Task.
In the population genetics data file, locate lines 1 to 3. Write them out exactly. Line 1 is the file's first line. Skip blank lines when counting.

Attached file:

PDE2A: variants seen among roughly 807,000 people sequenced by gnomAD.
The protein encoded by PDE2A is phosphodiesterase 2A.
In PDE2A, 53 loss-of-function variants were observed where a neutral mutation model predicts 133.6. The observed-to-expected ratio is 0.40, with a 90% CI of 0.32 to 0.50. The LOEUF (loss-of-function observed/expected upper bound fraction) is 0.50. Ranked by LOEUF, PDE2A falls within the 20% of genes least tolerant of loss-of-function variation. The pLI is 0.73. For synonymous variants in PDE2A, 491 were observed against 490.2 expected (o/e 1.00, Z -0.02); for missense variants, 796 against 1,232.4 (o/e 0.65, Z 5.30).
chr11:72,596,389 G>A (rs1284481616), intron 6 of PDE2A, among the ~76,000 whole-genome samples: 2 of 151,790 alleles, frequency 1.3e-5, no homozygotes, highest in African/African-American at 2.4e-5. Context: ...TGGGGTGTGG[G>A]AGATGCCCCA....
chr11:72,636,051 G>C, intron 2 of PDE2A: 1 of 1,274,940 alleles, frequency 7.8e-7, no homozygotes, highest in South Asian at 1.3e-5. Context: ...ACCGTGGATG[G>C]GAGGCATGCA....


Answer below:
PDE2A: variants seen among roughly 807,000 people sequenced by gnomAD.
The protein encoded by PDE2A is phosphodiesterase 2A.
In PDE2A, 53 loss-of-function variants were observed where a neutral mutation model predicts 133.6. The observed-to-expected ratio is 0.40, with a 90% CI of 0.32 to 0.50. The LOEUF (loss-of-function observed/expected upper bound fraction) is 0.50. Ranked by LOEUF, PDE2A falls within the 20% of genes least tolerant of loss-of-function variation. The pLI is 0.73. For synonymous variants in PDE2A, 491 were observed against 490.2 expected (o/e 1.00, Z -0.02); for missense variants, 796 against 1,232.4 (o/e 0.65, Z 5.30).